Head of Medical and Surgical Nursing Service. (B.A., College of Wooster, Wooster, 
Ohio, 1928; Diploma in Nursing, Presbyterian Hospital School of Nursing, Chicago, 
111., 1931.) 

Thirza Hills, B.S., R.N., Instructor in Medical and Surgical Nursing; Supervisor, Medical 
and Surgical Nursing Service. (Diploma in Nursing, Presbyterian Hospital School of 
Nursing, Chicago, 111., 1925; B.S., Teachers College, Columbia University, New 
York, N. Y., 1942.) 

Mrs. Barbara Semple Howell, B.S., R.N., Instructor in Obstetric and Gynecological 
Nursing; Supervisor, Obstetric and Gynecological Nursing Service. (Diploma in Nursing, 
Ohio Valley General Hospital, Wheeling, W. Va., 1935; B.S. in Nursing Education, 
University of Pennsylvania, Philadelphia, Pa., 1945.) 

*Margaret Joinville, B.S., R.N., Instructor in Psychiatric Nursing; Acting Head, Psy- 
chiatric Nursing Service. (Diploma in Nursing, Army School of Nursing, Washington, 
D. C, 1929; B.S., Teachers College, Columbia University, New York, N. Y., 1941.)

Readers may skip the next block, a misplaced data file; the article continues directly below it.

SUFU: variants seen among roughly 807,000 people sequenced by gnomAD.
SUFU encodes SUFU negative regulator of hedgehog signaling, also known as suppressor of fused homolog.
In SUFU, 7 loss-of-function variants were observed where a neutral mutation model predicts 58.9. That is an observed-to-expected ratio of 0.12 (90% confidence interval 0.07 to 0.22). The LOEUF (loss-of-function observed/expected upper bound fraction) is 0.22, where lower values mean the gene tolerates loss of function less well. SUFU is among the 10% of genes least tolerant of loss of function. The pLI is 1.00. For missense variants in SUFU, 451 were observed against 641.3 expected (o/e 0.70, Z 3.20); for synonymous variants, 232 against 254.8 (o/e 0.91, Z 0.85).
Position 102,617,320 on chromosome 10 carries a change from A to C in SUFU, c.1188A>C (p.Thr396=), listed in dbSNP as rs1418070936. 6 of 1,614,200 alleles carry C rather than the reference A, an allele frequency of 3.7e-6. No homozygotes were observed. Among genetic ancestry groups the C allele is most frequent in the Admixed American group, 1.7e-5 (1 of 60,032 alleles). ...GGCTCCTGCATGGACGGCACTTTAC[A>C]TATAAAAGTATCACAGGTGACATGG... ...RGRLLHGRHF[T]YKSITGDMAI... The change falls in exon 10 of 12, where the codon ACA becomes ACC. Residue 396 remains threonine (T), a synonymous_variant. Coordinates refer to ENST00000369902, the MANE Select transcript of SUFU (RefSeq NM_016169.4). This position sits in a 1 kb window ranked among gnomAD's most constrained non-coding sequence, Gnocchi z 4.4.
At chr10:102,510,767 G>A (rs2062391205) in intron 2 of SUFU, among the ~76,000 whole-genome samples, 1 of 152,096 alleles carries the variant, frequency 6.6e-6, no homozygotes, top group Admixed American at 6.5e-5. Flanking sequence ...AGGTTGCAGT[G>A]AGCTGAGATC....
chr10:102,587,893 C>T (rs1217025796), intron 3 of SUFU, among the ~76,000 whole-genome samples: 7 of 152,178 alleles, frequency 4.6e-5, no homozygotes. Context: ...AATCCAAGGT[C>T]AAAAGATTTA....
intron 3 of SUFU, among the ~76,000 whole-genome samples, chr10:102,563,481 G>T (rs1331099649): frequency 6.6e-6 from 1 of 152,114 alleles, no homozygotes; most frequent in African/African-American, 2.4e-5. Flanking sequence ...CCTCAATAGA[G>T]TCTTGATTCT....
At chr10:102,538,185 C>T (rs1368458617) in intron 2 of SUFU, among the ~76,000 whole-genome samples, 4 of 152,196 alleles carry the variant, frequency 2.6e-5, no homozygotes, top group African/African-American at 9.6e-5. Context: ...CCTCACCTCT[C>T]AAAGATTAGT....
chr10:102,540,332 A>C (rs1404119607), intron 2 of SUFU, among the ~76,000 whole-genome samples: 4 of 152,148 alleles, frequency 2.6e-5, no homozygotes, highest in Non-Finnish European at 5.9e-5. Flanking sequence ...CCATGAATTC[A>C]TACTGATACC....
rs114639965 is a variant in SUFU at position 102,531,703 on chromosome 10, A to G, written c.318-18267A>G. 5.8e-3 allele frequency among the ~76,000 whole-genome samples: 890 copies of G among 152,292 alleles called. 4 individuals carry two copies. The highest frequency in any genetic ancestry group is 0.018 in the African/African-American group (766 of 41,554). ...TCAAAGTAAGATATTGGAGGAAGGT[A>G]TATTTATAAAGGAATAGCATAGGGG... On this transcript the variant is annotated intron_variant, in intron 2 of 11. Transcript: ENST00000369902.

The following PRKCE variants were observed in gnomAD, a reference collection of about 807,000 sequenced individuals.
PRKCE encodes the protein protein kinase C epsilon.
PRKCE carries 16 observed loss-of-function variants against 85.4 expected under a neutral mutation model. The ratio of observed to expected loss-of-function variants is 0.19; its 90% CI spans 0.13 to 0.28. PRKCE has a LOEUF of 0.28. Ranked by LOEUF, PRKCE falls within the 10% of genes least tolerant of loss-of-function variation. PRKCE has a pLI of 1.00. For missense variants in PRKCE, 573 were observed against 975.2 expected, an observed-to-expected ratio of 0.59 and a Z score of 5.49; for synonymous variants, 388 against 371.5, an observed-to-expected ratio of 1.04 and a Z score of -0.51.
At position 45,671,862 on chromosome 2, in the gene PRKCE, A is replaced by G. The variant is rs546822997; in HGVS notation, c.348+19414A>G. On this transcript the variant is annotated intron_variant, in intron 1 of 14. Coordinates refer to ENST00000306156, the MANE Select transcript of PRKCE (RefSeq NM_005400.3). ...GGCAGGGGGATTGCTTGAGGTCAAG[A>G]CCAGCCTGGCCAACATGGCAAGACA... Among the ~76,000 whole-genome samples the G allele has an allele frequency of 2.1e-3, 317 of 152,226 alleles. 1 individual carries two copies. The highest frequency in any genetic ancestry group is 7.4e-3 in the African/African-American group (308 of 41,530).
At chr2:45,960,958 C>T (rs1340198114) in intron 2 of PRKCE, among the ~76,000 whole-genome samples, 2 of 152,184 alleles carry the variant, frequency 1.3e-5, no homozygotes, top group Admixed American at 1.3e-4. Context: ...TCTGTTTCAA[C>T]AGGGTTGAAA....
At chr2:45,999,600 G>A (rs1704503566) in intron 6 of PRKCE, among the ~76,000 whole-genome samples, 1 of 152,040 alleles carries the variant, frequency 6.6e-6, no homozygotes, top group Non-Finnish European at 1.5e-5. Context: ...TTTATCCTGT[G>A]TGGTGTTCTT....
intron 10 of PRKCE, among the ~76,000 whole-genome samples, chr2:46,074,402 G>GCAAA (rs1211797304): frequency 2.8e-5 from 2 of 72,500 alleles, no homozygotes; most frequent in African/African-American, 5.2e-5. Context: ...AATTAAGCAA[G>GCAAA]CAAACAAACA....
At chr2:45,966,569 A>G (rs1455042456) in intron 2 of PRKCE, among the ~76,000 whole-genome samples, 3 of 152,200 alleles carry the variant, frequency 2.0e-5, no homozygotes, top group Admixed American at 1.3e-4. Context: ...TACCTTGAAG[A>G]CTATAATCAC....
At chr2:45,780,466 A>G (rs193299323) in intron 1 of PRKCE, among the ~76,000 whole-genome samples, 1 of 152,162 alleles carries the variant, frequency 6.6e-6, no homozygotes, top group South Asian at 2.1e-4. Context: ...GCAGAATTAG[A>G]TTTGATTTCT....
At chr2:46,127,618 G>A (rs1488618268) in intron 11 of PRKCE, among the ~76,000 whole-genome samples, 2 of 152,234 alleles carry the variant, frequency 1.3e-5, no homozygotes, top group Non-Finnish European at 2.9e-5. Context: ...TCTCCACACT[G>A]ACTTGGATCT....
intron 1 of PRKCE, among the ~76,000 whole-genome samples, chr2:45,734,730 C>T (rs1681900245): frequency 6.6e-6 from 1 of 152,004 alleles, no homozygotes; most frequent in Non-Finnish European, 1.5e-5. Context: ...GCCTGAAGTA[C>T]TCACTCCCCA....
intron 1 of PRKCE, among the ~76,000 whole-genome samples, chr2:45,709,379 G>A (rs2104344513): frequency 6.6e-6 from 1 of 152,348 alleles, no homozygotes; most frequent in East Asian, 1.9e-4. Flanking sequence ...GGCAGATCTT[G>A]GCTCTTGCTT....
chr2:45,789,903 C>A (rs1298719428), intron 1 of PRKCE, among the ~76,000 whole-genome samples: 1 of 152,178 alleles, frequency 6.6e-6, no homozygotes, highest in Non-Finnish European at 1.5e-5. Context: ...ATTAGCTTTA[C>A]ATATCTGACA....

Harriet Kemper, B.S., R.N., Instructor in Medical Nursing; Supervisor, Medical Nursing 
Service. (Diploma in Nursing, Washington University, St. Louis, Mo., 1942; B.S., 
Western Reserve University, Cleveland, Ohio, 1946.) 

Esther Edith Lipton, B.S., R.N., Instructor in Obstetric Nursing; Supervisor of Delivery 
Room Nursing Service. (Diploma in Nursing, Mt. Sinai Hospital School of Nursing, 
New York, N. Y., 1931; B.S., Public Health Nursing, Teachers College, Columbia 
University, New York, N. Y., 1931; Certified Nurse Midwife, Lobenstine School of 
Midwifery, New York, N. Y., 1941.) 

H. Rosalind MacLean, M.A., R.N., Instructor in Nursing Arts. (B.A., Adelphi 
College, Garden City, L. I., N. Y., 1932; M.A., Columbia University, New York, 
N. Y., 1933; Diploma in Nursing, The New York Hospital School of Nursing, New 
York, N. Y., 1937.) 

Edith Nielsen, B.S., R.N., Instructor in Nursing; Supervisor, Private Patient Nursing 
Service. (Diploma in Nursing, Presbyterian Hospital School of Nursing, Chicago, 
111., 1931; B.S., Teachers College, Columbia University, New York, N. Y., 1947.) 

M. Eva Poor, A.B., R.N., Head, Private Patient Nursing Service. (A.B., Tufts College, 
Medford, Mass., 1930; Diploma in Nursing, The New York Hospital School of Nurs- 
ing, New York, N. Y., 1939.) 



*Appointment effective October 1, 1947. 

32- 



Jean I. Rebentisch, M.A., R.N., Instructor in Pediatric Nursing; Supervisor, Pediatric 
Nursing Service. (Diploma in Nursing, Methodist Hospital School of Nursing,